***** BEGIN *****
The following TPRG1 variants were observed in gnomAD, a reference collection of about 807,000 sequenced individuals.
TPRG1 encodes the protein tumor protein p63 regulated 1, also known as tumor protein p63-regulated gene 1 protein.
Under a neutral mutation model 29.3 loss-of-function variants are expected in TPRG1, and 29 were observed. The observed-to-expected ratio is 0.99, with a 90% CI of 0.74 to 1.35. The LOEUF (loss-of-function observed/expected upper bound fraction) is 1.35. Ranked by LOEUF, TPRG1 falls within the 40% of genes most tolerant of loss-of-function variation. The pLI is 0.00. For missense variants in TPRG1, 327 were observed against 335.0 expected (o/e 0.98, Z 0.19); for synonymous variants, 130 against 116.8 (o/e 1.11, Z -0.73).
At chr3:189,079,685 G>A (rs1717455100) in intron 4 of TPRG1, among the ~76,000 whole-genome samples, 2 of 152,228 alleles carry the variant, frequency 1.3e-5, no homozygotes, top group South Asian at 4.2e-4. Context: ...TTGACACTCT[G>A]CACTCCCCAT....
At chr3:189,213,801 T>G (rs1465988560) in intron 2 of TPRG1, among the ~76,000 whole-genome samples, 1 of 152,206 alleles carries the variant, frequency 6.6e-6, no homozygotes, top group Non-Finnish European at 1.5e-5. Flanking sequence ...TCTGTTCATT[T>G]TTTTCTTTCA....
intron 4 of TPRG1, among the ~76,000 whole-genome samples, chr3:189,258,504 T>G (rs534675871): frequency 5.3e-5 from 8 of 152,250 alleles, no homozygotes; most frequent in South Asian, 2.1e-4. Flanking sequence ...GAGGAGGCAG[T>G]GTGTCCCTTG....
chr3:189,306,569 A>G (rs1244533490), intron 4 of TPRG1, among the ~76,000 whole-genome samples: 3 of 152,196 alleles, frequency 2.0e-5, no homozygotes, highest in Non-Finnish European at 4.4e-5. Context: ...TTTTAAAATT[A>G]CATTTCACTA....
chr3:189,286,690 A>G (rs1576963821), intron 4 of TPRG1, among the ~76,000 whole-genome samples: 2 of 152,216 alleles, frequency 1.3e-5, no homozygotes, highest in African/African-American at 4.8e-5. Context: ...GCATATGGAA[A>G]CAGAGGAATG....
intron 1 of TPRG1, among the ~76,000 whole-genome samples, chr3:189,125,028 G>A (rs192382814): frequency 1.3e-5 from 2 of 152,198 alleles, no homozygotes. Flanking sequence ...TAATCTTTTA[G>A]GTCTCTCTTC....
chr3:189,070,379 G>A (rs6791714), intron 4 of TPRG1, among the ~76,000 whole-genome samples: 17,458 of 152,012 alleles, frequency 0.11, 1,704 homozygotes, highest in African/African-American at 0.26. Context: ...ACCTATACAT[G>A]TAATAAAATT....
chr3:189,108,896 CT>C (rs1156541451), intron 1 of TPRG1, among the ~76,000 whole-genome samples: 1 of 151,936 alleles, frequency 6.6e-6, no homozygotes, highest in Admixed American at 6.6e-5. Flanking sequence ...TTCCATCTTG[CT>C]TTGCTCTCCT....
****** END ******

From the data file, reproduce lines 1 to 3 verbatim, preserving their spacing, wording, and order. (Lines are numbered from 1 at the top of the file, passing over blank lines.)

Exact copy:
The following TPRG1 variants were observed in gnomAD, a reference collection of about 807,000 sequenced individuals.
TPRG1 encodes the protein tumor protein p63 regulated 1, also known as tumor protein p63-regulated gene 1 protein.
Under a neutral mutation model 29.3 loss-of-function variants are expected in TPRG1, and 29 were observed. The observed-to-expected ratio is 0.99, with a 90% CI of 0.74 to 1.35. The LOEUF (loss-of-function observed/expected upper bound fraction) is 1.35. Ranked by LOEUF, TPRG1 falls within the 40% of genes most tolerant of loss-of-function variation. The pLI is 0.00. For missense variants in TPRG1, 327 were observed against 335.0 expected (o/e 0.98, Z 0.19); for synonymous variants, 130 against 116.8 (o/e 1.11, Z -0.73).